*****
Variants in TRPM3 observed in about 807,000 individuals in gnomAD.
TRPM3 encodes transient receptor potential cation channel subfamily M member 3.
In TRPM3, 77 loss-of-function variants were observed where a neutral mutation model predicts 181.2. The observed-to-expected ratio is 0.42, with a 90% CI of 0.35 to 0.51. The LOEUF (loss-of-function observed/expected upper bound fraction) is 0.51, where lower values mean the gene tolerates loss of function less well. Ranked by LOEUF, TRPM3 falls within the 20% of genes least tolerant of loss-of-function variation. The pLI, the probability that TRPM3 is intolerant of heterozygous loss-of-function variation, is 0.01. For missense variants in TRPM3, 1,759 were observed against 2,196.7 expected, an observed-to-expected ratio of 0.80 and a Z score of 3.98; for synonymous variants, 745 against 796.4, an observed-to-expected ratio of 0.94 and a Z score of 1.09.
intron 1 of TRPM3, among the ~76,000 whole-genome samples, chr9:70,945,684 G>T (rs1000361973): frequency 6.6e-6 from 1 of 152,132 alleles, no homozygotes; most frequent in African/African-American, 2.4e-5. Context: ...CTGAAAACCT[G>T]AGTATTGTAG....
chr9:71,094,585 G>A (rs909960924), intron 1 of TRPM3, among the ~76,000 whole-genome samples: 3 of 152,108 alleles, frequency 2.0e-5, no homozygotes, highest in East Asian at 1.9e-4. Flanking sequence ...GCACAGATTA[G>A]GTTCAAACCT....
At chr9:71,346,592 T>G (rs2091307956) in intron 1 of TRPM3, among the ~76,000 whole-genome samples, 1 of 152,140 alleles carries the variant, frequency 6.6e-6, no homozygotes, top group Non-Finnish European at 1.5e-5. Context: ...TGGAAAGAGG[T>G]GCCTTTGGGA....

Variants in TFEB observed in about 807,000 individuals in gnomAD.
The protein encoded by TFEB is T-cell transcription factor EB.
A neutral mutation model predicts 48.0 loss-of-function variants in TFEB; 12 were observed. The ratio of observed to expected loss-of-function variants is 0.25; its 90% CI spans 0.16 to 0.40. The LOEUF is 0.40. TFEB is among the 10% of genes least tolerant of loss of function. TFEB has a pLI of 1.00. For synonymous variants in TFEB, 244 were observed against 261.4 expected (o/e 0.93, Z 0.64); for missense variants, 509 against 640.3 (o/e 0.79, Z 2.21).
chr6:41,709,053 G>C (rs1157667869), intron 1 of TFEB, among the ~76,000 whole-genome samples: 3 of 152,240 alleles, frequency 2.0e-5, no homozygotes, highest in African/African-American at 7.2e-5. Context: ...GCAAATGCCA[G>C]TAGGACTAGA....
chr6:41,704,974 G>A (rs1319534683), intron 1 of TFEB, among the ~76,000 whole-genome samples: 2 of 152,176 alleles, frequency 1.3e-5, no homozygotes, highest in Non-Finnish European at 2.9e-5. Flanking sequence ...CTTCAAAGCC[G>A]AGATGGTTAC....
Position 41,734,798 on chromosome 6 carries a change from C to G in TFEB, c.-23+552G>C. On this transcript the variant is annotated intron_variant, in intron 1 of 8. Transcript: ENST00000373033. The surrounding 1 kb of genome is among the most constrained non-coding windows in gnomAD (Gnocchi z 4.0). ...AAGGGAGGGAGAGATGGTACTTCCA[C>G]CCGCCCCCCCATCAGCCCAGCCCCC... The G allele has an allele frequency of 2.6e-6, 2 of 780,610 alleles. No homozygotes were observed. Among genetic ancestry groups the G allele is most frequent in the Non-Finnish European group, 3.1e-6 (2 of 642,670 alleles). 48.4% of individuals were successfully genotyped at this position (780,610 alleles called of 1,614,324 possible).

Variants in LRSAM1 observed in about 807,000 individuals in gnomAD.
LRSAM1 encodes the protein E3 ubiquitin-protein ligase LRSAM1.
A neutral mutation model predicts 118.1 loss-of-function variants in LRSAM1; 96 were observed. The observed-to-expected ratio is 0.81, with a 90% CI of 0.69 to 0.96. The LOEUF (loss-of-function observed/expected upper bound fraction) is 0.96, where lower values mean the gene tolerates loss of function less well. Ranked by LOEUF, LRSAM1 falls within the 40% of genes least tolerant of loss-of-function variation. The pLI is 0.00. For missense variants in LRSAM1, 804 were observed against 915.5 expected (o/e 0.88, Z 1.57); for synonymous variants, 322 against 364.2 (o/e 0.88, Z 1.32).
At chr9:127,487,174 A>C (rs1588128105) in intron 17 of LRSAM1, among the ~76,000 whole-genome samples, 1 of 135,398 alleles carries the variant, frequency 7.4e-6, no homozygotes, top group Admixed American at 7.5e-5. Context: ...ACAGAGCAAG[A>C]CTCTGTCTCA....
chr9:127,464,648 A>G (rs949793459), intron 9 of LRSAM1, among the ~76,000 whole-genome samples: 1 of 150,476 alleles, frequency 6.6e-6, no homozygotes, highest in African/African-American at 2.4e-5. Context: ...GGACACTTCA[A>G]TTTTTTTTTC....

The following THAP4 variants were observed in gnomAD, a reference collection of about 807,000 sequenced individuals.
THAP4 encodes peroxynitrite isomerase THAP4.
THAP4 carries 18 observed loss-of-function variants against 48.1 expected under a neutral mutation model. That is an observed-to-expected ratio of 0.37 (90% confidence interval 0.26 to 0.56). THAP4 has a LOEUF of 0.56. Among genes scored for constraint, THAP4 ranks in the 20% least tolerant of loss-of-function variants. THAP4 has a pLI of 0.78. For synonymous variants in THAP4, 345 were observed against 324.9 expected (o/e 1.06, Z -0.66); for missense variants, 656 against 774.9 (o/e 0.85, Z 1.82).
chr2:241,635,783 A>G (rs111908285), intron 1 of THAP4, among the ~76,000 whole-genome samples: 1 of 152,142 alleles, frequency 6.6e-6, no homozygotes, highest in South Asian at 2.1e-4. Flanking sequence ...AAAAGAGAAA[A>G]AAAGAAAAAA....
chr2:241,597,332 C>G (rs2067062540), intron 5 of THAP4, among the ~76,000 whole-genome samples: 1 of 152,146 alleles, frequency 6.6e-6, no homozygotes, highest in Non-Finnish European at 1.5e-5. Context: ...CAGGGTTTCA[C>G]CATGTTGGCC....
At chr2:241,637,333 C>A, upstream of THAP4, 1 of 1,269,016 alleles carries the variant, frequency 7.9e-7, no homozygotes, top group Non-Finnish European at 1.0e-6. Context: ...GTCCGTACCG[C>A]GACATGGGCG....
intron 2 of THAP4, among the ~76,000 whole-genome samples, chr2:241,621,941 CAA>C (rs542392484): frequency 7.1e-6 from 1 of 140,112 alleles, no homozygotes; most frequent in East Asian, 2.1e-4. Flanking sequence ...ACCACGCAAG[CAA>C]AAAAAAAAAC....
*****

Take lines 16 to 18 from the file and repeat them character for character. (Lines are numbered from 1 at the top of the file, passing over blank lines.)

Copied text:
At chr9:127,487,174 A>C (rs1588128105) in intron 17 of LRSAM1, among the ~76,000 whole-genome samples, 1 of 135,398 alleles carries the variant, frequency 7.4e-6, no homozygotes, top group Admixed American at 7.5e-5. Context: ...ACAGAGCAAG[A>C]CTCTGTCTCA....
chr9:127,464,648 A>G (rs949793459), intron 9 of LRSAM1, among the ~76,000 whole-genome samples: 1 of 150,476 alleles, frequency 6.6e-6, no homozygotes, highest in African/African-American at 2.4e-5. Context: ...GGACACTTCA[A>G]TTTTTTTTTC....

The following THAP4 variants were observed in gnomAD, a reference collection of about 807,000 sequenced individuals.